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As my husband Tom and I planned our move from New Jersey to Berkeley in 2003, I declared that my days as a van-driving soccer mom were over. Vowing to get out from behind the wheel, I told our real estate agent that we would consider only houses within walking distance of BART, a grocery store, a dry cleaners, shops, and at least two places with really good coffee.

Garber Park: A Natural Treasure Restored

On the south slope of Claremont Canyon above the Claremont Hotel, lies one of the best-kept secrets in the Berkeley-Oakland Hills: Garber Park. This 13-acre City of Oakland wildland park has significant stands of big leaf maple, California buckeyes, regenerating coast live oak, and the typical understory found in woodland forests.




“To the harried urban resident, the pathways offer leafy garden corridors of quiet, removed from the world of noise beyond … day after day, as informal extensions of Berkeley’s parks, the pathways give us more ways to enjoy nature.” Paul Grunland

These words, written by one of our original BPWA board members,have appeared on all seven editions of our map and are truer than ever.

We hope they’ll inspire you to take a path walk.

Newly Renamed Path Memorializes California's First Poet Laureate and Librarian: Ina Coolbrith

Last year, we renamed Bret Harte Lane to memorialize California’s first poet Laureate, Ina Coolbrith. In June, the Berkeley Historical Plaque Project installed a plaque at the bottom of the path to highlight Coolbrith’s contributions to the Bay Area's thriving literary scene in the late 19th Century.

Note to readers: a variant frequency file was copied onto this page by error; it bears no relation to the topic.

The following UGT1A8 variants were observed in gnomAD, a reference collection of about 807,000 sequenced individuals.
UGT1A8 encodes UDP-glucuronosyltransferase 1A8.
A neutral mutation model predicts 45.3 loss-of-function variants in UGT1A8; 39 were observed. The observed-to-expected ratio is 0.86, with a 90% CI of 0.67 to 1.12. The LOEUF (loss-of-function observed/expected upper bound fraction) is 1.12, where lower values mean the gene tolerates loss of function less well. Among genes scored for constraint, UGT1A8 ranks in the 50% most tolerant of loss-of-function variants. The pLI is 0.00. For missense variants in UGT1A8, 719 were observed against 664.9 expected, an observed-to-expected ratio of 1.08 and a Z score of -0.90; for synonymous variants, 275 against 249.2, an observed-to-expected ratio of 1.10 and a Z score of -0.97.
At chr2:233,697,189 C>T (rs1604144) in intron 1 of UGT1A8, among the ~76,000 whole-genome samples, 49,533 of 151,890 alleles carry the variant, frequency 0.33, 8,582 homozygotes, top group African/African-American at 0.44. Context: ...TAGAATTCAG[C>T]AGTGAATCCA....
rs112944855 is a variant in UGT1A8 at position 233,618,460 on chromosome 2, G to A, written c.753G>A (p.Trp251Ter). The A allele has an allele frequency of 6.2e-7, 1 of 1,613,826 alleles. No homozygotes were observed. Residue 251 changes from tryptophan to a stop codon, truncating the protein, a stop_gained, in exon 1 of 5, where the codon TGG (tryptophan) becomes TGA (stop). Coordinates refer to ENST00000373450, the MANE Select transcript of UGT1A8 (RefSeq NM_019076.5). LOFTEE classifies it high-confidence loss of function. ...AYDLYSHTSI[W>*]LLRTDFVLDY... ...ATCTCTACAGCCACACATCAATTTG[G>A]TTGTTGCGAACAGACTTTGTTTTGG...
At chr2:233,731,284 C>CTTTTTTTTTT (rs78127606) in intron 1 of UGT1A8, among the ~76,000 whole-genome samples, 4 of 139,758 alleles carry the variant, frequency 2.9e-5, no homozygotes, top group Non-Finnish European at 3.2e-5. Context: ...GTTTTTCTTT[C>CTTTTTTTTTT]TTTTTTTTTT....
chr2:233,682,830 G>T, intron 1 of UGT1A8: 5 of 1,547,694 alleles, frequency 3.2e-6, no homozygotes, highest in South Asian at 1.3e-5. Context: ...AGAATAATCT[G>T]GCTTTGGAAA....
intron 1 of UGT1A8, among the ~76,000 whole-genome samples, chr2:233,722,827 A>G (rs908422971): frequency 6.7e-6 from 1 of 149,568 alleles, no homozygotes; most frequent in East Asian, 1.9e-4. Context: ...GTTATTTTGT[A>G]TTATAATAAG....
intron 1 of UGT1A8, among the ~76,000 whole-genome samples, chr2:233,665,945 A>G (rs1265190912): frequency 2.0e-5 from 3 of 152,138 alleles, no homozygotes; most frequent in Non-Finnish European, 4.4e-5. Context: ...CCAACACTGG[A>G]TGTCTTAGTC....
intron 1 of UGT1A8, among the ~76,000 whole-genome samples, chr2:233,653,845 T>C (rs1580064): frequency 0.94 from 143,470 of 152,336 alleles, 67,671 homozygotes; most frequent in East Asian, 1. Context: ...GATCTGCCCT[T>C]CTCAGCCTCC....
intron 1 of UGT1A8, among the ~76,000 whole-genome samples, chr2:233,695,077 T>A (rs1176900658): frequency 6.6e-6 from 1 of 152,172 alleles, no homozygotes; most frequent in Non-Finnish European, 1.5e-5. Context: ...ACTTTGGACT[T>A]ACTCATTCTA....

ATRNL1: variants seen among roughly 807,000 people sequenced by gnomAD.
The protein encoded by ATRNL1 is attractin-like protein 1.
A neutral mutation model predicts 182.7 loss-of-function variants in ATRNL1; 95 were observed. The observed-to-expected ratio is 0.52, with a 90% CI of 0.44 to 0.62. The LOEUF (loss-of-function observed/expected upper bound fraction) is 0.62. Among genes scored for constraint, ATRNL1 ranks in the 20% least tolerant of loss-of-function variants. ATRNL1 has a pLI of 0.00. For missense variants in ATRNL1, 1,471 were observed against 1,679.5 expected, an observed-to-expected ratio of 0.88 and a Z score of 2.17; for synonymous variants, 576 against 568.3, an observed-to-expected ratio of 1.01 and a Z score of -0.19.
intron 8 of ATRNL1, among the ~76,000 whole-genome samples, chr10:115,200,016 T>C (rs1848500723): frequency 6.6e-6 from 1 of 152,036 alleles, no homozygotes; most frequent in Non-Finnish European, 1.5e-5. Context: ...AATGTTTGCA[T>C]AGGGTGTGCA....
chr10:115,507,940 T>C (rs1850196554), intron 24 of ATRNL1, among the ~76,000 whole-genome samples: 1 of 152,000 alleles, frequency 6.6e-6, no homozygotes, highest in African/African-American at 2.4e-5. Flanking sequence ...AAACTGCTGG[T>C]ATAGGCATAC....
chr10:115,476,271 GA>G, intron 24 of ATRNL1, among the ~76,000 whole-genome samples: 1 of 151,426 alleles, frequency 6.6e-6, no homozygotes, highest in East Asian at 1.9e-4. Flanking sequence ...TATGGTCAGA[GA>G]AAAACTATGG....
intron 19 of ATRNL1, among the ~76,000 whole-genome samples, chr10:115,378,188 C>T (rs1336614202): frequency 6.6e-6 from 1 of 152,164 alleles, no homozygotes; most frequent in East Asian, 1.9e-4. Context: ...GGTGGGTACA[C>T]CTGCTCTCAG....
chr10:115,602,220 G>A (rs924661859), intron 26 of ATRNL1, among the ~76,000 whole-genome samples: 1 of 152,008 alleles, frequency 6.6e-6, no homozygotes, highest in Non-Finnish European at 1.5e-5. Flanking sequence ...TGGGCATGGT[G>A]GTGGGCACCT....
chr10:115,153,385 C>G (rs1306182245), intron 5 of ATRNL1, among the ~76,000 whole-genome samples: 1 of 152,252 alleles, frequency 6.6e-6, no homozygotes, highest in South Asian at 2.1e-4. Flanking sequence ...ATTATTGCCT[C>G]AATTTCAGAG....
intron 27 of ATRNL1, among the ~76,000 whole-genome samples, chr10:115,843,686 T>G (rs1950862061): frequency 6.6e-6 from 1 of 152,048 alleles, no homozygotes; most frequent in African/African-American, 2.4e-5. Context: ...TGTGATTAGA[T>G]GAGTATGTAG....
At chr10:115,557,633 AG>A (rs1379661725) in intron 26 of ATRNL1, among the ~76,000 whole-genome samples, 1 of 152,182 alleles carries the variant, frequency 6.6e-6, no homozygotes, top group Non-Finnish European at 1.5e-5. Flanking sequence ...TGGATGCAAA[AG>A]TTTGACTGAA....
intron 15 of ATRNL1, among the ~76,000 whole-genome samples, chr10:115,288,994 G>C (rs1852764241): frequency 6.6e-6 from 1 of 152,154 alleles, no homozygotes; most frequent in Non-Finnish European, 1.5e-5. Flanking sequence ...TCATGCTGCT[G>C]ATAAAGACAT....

New Handrails on Upper Covert Path Mark the Start of Long-Awaited Handrail Corridor

More than 300’ of new handrails now make it easier to use Upper Covert Path, which connects Cragmont and Keeler Avenues. The handrails on this long, steep path are the first step in what BPWA hopes will one day become an official handrail corridor. Intended as a route for people who need a little extra help to enjoy some of hills and views in North Berkeley, the designated corridor will provide a safe, scenic way to go from Euclid Avenue to Grizzly Peak Blvd. — or the reverse. It will include two older concrete stairways, which always have had handrails; three newer wood-tie paths that BPWA volunteers have built, two of which still need handrails; and some gentle streets in between those paths.


Our Newest Path Will Honor John Muir

Our newest path will also have a new name. Completed this fall, Keeler Walk (#32 on our map) soon will be christened John Muir Path.  It is the 34th path that BPWA volunteers have built with wood timbers and connects Grizzly Peak Blvd. and Creston Rd., midway between the end of Euclid and Marin Aves. Read more about John Muir path and the dedication on Sat. February 25th